Cromwell's Fall and
The xviii. daie of April, at Westminster was Thomas lorde Cromewell, created Erle of Essex, and made greate Chamberlain of England, whiche ever the Erles of Oxenford had, whiche promocions he enjoyed short tyme, as after . . . male appere. . . .
The xix. day of July, Thomas lorde Cromewel, late made erle of Essex, as before you have hard, beyng in the counsail chamber, was sodainly apprehended, and committed to the tower of London, the whiche many lamented, but mo rejoysed. . . . And the xxviii. daie of July was brought to the skaffold on the tower hill.
The juxtaposition of these quotations from Hall's Chronicle1 brings out the sudden reversal of fortune which was liable to overtake the great in Tudor times and which the Elizabethans used to point a moral and adorn a tale. But Cromwell himself knew that his fall was imminent and he seems to have warned his friends, including Wyatt, of the danger. The failure of his foreign policy, the King's dislike of Anne of Cleves as a bedfellow, Cromwell's ill-judged advice to Anne, the bitter opposition of the Duke of Norfolk and others, the enemies Cromwell had made by his, or Henry's religious policy, all combined to bring about his downfall.2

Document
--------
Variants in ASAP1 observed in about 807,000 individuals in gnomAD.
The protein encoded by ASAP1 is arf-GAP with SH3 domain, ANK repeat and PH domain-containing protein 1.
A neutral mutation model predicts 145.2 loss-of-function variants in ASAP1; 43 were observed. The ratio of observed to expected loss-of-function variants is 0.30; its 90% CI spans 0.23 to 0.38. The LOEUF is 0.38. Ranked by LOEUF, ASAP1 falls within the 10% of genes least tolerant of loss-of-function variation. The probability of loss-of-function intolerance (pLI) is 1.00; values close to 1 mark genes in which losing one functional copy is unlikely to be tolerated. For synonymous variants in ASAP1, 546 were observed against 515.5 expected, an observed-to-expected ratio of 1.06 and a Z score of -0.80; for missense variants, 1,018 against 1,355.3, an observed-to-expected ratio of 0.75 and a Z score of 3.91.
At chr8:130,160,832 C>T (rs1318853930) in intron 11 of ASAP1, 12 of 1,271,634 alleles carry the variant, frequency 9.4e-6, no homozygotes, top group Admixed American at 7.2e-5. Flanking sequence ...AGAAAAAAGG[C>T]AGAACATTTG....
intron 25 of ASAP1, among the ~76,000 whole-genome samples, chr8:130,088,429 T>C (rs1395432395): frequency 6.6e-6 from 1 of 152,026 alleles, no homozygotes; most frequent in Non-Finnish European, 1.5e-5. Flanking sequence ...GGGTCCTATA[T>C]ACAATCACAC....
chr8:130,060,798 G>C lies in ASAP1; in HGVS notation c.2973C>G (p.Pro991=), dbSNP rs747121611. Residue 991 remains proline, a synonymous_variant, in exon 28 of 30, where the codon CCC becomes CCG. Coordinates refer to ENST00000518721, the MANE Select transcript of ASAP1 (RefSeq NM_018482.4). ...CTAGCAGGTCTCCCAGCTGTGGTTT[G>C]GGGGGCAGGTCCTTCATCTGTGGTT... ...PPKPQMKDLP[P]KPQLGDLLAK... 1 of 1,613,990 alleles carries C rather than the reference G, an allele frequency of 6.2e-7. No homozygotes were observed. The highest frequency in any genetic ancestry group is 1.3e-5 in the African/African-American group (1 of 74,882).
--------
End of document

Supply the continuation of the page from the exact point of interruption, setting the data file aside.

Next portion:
Wyatt was present at the execution of his friend and patron.3____________________